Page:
I was usually able to confirm the presence or probable absence of chimpanzees (there were only a few exceptions), and where present, was able to obtain some information on their distribution and status. Hunters were the best guides, providing the most accurate information, and answering questions related to chimpanzee presence reliably. Observations of habitat quality and the evidence of chimpanzee presence that I collected complemented their information. Abundance was more difficult to assess though, and questions related to abundance were not answered reliably, although habitat quality provided indirect clues to population status.

Confirmation of chimpanzee presence was obtained directly, from sightings, vocalizations and drumming, or indirectly from finding dung piles, discarded food wadges and nests. A Garmin GPS 12 XL was used to record the locations of chimpanzee presence, but it did not work well under the dense forest canopy and as a consequence very few recordings were made. The chances of gathering direct evidence were maximized by camping inside the forest whenever possible, as chimpanzees are most active and most vocal in the early morning and late evening.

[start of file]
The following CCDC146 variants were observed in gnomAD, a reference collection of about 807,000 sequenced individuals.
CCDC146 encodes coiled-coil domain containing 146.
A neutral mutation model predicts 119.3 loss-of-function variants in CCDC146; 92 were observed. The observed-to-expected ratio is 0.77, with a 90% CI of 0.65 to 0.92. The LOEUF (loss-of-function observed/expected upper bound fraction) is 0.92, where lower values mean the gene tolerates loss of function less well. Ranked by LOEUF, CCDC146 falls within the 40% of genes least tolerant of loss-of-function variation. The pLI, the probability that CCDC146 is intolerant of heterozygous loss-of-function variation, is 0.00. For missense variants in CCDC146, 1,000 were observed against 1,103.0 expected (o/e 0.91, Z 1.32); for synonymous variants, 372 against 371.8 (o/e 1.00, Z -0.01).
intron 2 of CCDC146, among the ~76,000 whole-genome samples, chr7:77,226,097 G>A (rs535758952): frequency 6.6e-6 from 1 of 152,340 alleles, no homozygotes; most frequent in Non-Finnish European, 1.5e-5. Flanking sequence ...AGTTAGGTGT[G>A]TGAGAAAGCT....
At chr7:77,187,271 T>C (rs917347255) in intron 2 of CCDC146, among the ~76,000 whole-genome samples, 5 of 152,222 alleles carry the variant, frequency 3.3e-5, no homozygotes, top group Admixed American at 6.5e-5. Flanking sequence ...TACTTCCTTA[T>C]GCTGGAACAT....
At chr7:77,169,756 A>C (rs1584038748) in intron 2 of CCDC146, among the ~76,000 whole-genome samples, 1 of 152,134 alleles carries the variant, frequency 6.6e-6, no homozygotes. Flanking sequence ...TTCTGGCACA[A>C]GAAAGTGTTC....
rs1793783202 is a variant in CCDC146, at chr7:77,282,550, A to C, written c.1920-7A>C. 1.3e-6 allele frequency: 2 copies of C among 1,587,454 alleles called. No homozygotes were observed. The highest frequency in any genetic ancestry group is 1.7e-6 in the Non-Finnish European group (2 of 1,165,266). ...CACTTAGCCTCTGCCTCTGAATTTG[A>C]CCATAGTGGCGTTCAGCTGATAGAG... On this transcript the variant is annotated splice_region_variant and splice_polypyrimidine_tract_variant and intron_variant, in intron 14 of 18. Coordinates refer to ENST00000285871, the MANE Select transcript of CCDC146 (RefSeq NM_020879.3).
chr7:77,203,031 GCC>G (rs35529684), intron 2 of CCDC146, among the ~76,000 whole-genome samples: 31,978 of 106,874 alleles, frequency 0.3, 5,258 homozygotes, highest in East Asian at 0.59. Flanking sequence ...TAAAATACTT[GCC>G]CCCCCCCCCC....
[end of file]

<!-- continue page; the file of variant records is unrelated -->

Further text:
Table 1.

Inferred status of chimpanzees at different survey sites in southwest Nigeria.